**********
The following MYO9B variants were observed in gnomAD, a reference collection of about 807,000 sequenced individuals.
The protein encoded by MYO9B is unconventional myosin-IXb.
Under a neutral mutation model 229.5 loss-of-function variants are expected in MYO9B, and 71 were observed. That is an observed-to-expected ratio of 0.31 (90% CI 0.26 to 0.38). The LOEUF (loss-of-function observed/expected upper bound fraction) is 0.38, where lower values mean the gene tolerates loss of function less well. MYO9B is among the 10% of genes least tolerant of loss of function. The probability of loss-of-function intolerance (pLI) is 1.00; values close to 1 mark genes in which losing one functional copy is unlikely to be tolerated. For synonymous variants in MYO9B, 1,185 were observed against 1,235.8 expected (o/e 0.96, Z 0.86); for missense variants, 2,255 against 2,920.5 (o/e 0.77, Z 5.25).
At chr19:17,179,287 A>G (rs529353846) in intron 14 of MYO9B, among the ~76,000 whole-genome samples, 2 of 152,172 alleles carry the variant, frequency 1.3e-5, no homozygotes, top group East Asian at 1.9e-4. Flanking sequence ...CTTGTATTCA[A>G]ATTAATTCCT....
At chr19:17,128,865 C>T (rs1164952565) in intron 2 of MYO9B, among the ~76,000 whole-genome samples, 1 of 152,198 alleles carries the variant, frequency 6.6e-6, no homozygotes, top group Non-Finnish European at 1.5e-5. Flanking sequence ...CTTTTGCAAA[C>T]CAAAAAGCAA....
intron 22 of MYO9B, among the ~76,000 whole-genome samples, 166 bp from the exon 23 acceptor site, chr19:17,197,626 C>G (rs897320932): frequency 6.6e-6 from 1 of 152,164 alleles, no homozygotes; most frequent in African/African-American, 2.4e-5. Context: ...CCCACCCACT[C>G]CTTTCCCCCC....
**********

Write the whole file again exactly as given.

The following MYO9B variants were observed in gnomAD, a reference collection of about 807,000 sequenced individuals.
The protein encoded by MYO9B is unconventional myosin-IXb.
Under a neutral mutation model 229.5 loss-of-function variants are expected in MYO9B, and 71 were observed. That is an observed-to-expected ratio of 0.31 (90% CI 0.26 to 0.38). The LOEUF (loss-of-function observed/expected upper bound fraction) is 0.38, where lower values mean the gene tolerates loss of function less well. MYO9B is among the 10% of genes least tolerant of loss of function. The probability of loss-of-function intolerance (pLI) is 1.00; values close to 1 mark genes in which losing one functional copy is unlikely to be tolerated. For synonymous variants in MYO9B, 1,185 were observed against 1,235.8 expected (o/e 0.96, Z 0.86); for missense variants, 2,255 against 2,920.5 (o/e 0.77, Z 5.25).
At chr19:17,179,287 A>G (rs529353846) in intron 14 of MYO9B, among the ~76,000 whole-genome samples, 2 of 152,172 alleles carry the variant, frequency 1.3e-5, no homozygotes, top group East Asian at 1.9e-4. Flanking sequence ...CTTGTATTCA[A>G]ATTAATTCCT....
At chr19:17,128,865 C>T (rs1164952565) in intron 2 of MYO9B, among the ~76,000 whole-genome samples, 1 of 152,198 alleles carries the variant, frequency 6.6e-6, no homozygotes, top group Non-Finnish European at 1.5e-5. Flanking sequence ...CTTTTGCAAA[C>T]CAAAAAGCAA....
intron 22 of MYO9B, among the ~76,000 whole-genome samples, 166 bp from the exon 23 acceptor site, chr19:17,197,626 C>G (rs897320932): frequency 6.6e-6 from 1 of 152,164 alleles, no homozygotes; most frequent in African/African-American, 2.4e-5. Context: ...CCCACCCACT[C>G]CTTTCCCCCC....